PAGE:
Sebastian Köln wrote:
Could you flush the sand out periodically? (By placing a smaller hose/pipe in the well pipe and forcing enough water into it, that the uprise of the water is higher than the speed at which the sand falls down.)
Alternatively maybe a pump that tolerates sand? And then separating it above ground in a big tank?
James Freyr wrote:Hey thanks Scott! I wish I knew how far down the bedrock is. I think the only way to find out is to send the drill bit back down and keep going, but unfortunately I don't have a blank check for this endeavor. I'm pretty confident that there is some sort of engineering solution to keeping the sand and sediment out of the casing and creating a column of good water I can pump out. I imagine this situation can't be unique and people have drilled sand holes before and found a way to deal with it. I'm just kinda ready for this to be finished and not keep dragging on. Hopefully a solution is found in the next couple weeks.
Miles Flansburg wrote:James, Just wanted to do some brain storming but everything I ask might be really stupid so take this with a grain of...sand.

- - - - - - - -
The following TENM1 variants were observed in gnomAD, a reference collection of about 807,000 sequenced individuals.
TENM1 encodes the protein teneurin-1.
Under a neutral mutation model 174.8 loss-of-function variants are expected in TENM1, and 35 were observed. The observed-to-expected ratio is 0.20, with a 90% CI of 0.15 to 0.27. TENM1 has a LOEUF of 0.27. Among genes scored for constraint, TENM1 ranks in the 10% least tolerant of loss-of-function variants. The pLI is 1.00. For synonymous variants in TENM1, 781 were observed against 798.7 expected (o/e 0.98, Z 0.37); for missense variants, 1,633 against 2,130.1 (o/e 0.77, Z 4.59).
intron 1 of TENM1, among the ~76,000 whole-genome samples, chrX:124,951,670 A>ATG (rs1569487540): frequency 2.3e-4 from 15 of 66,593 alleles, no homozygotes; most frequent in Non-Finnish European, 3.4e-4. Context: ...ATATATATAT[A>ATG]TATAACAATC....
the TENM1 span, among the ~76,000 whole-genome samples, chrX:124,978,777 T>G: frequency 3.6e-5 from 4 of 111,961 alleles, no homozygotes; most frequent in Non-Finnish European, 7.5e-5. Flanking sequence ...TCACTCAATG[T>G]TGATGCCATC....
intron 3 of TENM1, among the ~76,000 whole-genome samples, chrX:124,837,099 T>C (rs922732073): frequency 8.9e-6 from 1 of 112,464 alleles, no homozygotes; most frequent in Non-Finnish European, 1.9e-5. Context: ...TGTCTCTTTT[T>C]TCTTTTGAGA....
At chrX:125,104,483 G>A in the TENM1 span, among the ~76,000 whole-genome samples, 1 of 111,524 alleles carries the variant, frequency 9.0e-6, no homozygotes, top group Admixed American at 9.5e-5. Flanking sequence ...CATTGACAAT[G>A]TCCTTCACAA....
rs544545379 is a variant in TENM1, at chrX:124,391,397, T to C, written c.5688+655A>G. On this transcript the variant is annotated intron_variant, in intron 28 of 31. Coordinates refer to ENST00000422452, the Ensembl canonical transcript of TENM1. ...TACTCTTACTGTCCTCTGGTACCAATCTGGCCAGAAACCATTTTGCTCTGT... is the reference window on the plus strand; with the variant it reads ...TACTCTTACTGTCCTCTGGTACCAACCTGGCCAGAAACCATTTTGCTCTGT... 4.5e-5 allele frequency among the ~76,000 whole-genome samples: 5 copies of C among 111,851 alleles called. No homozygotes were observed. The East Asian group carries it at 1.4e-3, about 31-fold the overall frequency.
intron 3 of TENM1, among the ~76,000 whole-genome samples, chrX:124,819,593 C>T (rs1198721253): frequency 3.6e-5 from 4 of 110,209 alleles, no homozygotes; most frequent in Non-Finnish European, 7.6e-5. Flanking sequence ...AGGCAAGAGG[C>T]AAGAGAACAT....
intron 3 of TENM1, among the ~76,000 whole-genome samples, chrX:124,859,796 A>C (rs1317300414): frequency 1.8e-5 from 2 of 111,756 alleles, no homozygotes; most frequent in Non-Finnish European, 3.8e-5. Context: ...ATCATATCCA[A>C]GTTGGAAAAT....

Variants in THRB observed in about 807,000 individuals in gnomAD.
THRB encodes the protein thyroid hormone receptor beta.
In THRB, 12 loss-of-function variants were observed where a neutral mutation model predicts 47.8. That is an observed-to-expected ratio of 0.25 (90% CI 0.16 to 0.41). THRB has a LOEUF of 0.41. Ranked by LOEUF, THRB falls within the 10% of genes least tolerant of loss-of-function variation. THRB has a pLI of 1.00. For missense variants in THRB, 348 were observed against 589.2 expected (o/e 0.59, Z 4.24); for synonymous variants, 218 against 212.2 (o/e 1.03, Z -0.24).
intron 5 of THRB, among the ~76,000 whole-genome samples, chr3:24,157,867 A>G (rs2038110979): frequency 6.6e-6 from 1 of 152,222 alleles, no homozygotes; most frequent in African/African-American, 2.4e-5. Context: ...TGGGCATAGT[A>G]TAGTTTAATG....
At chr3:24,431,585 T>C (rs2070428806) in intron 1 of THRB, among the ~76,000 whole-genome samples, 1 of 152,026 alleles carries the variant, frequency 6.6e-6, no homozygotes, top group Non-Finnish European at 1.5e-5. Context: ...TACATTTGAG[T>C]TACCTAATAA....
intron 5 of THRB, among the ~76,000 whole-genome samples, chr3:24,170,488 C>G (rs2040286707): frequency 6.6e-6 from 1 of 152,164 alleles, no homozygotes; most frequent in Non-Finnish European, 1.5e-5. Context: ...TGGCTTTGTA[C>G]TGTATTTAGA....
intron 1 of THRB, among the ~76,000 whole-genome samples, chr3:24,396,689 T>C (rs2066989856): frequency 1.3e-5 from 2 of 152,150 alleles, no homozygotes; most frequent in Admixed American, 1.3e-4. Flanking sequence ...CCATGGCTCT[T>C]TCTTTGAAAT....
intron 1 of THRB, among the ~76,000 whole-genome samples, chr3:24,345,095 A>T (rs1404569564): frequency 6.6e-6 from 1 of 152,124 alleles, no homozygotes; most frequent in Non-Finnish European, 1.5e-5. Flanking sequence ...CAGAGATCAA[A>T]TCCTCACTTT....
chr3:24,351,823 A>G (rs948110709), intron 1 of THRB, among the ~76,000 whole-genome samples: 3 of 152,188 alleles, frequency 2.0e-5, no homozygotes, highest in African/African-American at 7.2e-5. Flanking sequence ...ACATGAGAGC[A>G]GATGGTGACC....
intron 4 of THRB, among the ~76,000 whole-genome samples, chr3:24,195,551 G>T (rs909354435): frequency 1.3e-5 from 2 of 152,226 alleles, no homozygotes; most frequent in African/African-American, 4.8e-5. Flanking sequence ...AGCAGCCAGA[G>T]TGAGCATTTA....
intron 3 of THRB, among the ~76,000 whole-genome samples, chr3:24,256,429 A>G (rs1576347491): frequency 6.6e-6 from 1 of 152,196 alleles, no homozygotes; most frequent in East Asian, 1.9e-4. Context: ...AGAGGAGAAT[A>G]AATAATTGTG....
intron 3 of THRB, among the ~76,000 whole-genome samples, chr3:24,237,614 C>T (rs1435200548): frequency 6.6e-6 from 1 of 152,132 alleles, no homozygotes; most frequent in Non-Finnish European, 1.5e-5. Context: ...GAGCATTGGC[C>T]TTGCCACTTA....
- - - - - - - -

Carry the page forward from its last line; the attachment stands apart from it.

I am trying to visualize what this looks like underground. Seems that there is a formation that is almost like mud? Like an underground river or pond that has a lot of sand/silt in it? Does the sand/mud settle out or is the underground reservoir an emulsion of sorts? I wonder if the drillers can pump the well at a max rate , one that would begin to suck the sand out forming a void underground. Moving a bunch of the sand/mud to the surface. The recharge rate of the water would begin to refill the void. The trick would be to find a pumping rate that would not move sand from farther away from the well hole thus just refilling the void with sand. Seems to me that if you could ever create this void and then pump just enough water out to not create an underground flow, which would carry more sand with the water, you might be able to solve the problem?
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